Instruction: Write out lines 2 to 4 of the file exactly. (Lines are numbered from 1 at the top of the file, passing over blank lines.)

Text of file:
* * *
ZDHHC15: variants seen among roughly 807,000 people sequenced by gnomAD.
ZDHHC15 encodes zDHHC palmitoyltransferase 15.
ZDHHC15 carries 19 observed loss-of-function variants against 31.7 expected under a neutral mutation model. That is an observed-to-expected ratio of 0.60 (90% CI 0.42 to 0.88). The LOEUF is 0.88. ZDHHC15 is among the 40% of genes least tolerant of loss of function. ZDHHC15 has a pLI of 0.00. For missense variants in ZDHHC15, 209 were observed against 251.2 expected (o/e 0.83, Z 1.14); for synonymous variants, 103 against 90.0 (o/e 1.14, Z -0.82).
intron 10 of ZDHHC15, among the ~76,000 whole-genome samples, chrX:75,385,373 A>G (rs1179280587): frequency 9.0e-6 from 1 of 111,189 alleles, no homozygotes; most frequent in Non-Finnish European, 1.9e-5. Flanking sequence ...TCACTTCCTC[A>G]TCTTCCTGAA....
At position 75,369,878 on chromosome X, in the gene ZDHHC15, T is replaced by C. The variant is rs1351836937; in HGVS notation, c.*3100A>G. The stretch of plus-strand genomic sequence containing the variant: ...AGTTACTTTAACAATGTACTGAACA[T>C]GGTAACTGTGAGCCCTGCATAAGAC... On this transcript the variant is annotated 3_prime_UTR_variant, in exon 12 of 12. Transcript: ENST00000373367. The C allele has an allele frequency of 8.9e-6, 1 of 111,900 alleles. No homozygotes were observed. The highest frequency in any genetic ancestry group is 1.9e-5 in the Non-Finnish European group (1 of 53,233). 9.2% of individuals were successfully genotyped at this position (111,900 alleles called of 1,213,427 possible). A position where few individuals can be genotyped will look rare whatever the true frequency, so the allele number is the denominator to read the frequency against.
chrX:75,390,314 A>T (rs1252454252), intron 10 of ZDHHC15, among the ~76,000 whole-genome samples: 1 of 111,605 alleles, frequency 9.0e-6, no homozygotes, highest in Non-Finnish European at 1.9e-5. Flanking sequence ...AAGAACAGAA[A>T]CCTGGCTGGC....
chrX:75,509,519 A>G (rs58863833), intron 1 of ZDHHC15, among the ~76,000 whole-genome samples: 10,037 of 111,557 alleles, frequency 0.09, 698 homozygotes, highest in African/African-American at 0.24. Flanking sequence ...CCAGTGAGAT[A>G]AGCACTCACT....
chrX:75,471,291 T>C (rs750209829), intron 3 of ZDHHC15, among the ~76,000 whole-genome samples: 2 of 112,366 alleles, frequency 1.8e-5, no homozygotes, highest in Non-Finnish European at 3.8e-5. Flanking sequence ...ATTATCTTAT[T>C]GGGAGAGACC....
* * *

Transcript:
ZDHHC15 encodes zDHHC palmitoyltransferase 15.
ZDHHC15 carries 19 observed loss-of-function variants against 31.7 expected under a neutral mutation model. That is an observed-to-expected ratio of 0.60 (90% CI 0.42 to 0.88). The LOEUF is 0.88. ZDHHC15 is among the 40% of genes least tolerant of loss of function. ZDHHC15 has a pLI of 0.00. For missense variants in ZDHHC15, 209 were observed against 251.2 expected (o/e 0.83, Z 1.14); for synonymous variants, 103 against 90.0 (o/e 1.14, Z -0.82).
intron 10 of ZDHHC15, among the ~76,000 whole-genome samples, chrX:75,385,373 A>G (rs1179280587): frequency 9.0e-6 from 1 of 111,189 alleles, no homozygotes; most frequent in Non-Finnish European, 1.9e-5. Flanking sequence ...TCACTTCCTC[A>G]TCTTCCTGAA....